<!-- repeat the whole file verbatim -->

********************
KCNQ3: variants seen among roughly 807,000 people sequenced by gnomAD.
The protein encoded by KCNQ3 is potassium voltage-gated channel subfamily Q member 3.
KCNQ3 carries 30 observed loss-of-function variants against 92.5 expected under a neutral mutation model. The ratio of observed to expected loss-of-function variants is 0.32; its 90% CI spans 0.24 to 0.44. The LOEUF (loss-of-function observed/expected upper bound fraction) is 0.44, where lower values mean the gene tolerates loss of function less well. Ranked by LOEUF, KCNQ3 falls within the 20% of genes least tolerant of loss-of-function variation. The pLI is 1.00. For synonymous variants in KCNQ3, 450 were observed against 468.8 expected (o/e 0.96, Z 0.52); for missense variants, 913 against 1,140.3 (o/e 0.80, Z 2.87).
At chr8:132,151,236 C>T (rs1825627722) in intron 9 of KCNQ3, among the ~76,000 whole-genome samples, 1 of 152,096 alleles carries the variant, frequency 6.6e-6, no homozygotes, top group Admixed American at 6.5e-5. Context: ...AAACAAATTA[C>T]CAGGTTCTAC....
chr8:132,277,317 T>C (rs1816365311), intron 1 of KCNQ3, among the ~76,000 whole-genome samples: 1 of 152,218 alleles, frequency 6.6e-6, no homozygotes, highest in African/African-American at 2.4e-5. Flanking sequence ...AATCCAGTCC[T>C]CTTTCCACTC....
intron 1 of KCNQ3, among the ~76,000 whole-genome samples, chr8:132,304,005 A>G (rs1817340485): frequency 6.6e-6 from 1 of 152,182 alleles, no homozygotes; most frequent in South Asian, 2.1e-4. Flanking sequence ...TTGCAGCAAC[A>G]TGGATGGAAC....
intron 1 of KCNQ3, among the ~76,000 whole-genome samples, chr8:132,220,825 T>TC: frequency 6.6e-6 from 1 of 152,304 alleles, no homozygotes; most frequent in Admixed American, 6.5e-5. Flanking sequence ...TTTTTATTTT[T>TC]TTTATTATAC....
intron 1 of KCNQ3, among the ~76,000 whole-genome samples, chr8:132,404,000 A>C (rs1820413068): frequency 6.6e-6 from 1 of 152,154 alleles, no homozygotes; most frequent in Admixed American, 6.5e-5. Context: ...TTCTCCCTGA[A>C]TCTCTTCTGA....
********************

KCNQ3: variants seen among roughly 807,000 people sequenced by gnomAD.
The protein encoded by KCNQ3 is potassium voltage-gated channel subfamily Q member 3.
KCNQ3 carries 30 observed loss-of-function variants against 92.5 expected under a neutral mutation model. The ratio of observed to expected loss-of-function variants is 0.32; its 90% CI spans 0.24 to 0.44. The LOEUF (loss-of-function observed/expected upper bound fraction) is 0.44, where lower values mean the gene tolerates loss of function less well. Ranked by LOEUF, KCNQ3 falls within the 20% of genes least tolerant of loss-of-function variation. The pLI is 1.00. For synonymous variants in KCNQ3, 450 were observed against 468.8 expected (o/e 0.96, Z 0.52); for missense variants, 913 against 1,140.3 (o/e 0.80, Z 2.87).
At chr8:132,151,236 C>T (rs1825627722) in intron 9 of KCNQ3, among the ~76,000 whole-genome samples, 1 of 152,096 alleles carries the variant, frequency 6.6e-6, no homozygotes, top group Admixed American at 6.5e-5. Context: ...AAACAAATTA[C>T]CAGGTTCTAC....
chr8:132,277,317 T>C (rs1816365311), intron 1 of KCNQ3, among the ~76,000 whole-genome samples: 1 of 152,218 alleles, frequency 6.6e-6, no homozygotes, highest in African/African-American at 2.4e-5. Flanking sequence ...AATCCAGTCC[T>C]CTTTCCACTC....
intron 1 of KCNQ3, among the ~76,000 whole-genome samples, chr8:132,304,005 A>G (rs1817340485): frequency 6.6e-6 from 1 of 152,182 alleles, no homozygotes; most frequent in South Asian, 2.1e-4. Flanking sequence ...TTGCAGCAAC[A>G]TGGATGGAAC....
intron 1 of KCNQ3, among the ~76,000 whole-genome samples, chr8:132,220,825 T>TC: frequency 6.6e-6 from 1 of 152,304 alleles, no homozygotes; most frequent in Admixed American, 6.5e-5. Flanking sequence ...TTTTTATTTT[T>TC]TTTATTATAC....
intron 1 of KCNQ3, among the ~76,000 whole-genome samples, chr8:132,404,000 A>C (rs1820413068): frequency 6.6e-6 from 1 of 152,154 alleles, no homozygotes; most frequent in Admixed American, 6.5e-5. Context: ...TTCTCCCTGA[A>C]TCTCTTCTGA....